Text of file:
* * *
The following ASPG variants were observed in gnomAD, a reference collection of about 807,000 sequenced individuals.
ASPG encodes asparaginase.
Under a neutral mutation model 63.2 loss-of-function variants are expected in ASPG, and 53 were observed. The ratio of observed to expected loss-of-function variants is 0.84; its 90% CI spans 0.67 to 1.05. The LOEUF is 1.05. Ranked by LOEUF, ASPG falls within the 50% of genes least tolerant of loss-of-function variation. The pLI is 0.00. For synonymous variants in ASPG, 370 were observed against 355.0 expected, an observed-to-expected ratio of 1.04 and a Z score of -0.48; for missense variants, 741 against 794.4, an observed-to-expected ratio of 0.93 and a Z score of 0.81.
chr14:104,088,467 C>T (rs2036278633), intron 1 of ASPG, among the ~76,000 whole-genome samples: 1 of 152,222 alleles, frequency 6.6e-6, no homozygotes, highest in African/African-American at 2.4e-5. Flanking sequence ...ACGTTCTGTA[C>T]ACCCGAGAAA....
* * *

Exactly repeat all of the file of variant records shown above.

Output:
The following ASPG variants were observed in gnomAD, a reference collection of about 807,000 sequenced individuals.
ASPG encodes asparaginase.
Under a neutral mutation model 63.2 loss-of-function variants are expected in ASPG, and 53 were observed. The ratio of observed to expected loss-of-function variants is 0.84; its 90% CI spans 0.67 to 1.05. The LOEUF is 1.05. Ranked by LOEUF, ASPG falls within the 50% of genes least tolerant of loss-of-function variation. The pLI is 0.00. For synonymous variants in ASPG, 370 were observed against 355.0 expected, an observed-to-expected ratio of 1.04 and a Z score of -0.48; for missense variants, 741 against 794.4, an observed-to-expected ratio of 0.93 and a Z score of 0.81.
chr14:104,088,467 C>T (rs2036278633), intron 1 of ASPG, among the ~76,000 whole-genome samples: 1 of 152,222 alleles, frequency 6.6e-6, no homozygotes, highest in African/African-American at 2.4e-5. Flanking sequence ...ACGTTCTGTA[C>T]ACCCGAGAAA....